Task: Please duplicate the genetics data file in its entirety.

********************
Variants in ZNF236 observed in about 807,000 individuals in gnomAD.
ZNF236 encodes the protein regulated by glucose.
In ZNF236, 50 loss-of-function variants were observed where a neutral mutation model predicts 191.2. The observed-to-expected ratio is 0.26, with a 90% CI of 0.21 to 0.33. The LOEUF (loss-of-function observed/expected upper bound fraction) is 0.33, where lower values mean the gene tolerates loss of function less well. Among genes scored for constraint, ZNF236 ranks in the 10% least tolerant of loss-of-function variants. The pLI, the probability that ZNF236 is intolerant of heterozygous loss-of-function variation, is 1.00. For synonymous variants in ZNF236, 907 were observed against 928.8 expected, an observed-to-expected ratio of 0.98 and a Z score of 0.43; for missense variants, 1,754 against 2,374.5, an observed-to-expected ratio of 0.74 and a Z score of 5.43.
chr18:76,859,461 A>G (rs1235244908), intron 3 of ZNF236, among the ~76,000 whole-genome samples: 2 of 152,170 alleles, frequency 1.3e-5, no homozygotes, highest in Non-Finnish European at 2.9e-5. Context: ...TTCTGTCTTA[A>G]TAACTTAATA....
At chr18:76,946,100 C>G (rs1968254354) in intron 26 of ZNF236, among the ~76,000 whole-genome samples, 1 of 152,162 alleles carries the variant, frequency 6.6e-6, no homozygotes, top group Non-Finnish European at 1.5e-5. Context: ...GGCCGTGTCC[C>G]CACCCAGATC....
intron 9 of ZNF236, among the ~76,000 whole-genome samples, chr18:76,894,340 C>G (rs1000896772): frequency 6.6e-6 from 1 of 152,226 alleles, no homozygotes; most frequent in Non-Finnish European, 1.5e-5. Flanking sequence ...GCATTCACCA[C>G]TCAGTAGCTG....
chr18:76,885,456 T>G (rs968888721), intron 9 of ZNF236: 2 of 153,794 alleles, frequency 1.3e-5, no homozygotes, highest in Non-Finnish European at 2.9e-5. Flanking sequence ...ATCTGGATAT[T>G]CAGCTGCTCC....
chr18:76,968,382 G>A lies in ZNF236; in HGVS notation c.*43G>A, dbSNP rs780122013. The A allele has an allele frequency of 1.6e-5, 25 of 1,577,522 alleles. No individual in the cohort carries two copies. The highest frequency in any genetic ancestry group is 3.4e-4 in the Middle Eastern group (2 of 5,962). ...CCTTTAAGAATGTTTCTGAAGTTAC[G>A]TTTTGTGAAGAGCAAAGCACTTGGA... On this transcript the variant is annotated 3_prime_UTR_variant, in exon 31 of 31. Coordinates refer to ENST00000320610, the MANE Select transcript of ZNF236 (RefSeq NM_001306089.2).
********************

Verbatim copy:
Variants in ZNF236 observed in about 807,000 individuals in gnomAD.
ZNF236 encodes the protein regulated by glucose.
In ZNF236, 50 loss-of-function variants were observed where a neutral mutation model predicts 191.2. The observed-to-expected ratio is 0.26, with a 90% CI of 0.21 to 0.33. The LOEUF (loss-of-function observed/expected upper bound fraction) is 0.33, where lower values mean the gene tolerates loss of function less well. Among genes scored for constraint, ZNF236 ranks in the 10% least tolerant of loss-of-function variants. The pLI, the probability that ZNF236 is intolerant of heterozygous loss-of-function variation, is 1.00. For synonymous variants in ZNF236, 907 were observed against 928.8 expected, an observed-to-expected ratio of 0.98 and a Z score of 0.43; for missense variants, 1,754 against 2,374.5, an observed-to-expected ratio of 0.74 and a Z score of 5.43.
chr18:76,859,461 A>G (rs1235244908), intron 3 of ZNF236, among the ~76,000 whole-genome samples: 2 of 152,170 alleles, frequency 1.3e-5, no homozygotes, highest in Non-Finnish European at 2.9e-5. Context: ...TTCTGTCTTA[A>G]TAACTTAATA....
At chr18:76,946,100 C>G (rs1968254354) in intron 26 of ZNF236, among the ~76,000 whole-genome samples, 1 of 152,162 alleles carries the variant, frequency 6.6e-6, no homozygotes, top group Non-Finnish European at 1.5e-5. Context: ...GGCCGTGTCC[C>G]CACCCAGATC....
intron 9 of ZNF236, among the ~76,000 whole-genome samples, chr18:76,894,340 C>G (rs1000896772): frequency 6.6e-6 from 1 of 152,226 alleles, no homozygotes; most frequent in Non-Finnish European, 1.5e-5. Flanking sequence ...GCATTCACCA[C>G]TCAGTAGCTG....
chr18:76,885,456 T>G (rs968888721), intron 9 of ZNF236: 2 of 153,794 alleles, frequency 1.3e-5, no homozygotes, highest in Non-Finnish European at 2.9e-5. Flanking sequence ...ATCTGGATAT[T>G]CAGCTGCTCC....
chr18:76,968,382 G>A lies in ZNF236; in HGVS notation c.*43G>A, dbSNP rs780122013. The A allele has an allele frequency of 1.6e-5, 25 of 1,577,522 alleles. No individual in the cohort carries two copies. The highest frequency in any genetic ancestry group is 3.4e-4 in the Middle Eastern group (2 of 5,962). ...CCTTTAAGAATGTTTCTGAAGTTAC[G>A]TTTTGTGAAGAGCAAAGCACTTGGA... On this transcript the variant is annotated 3_prime_UTR_variant, in exon 31 of 31. Coordinates refer to ENST00000320610, the MANE Select transcript of ZNF236 (RefSeq NM_001306089.2).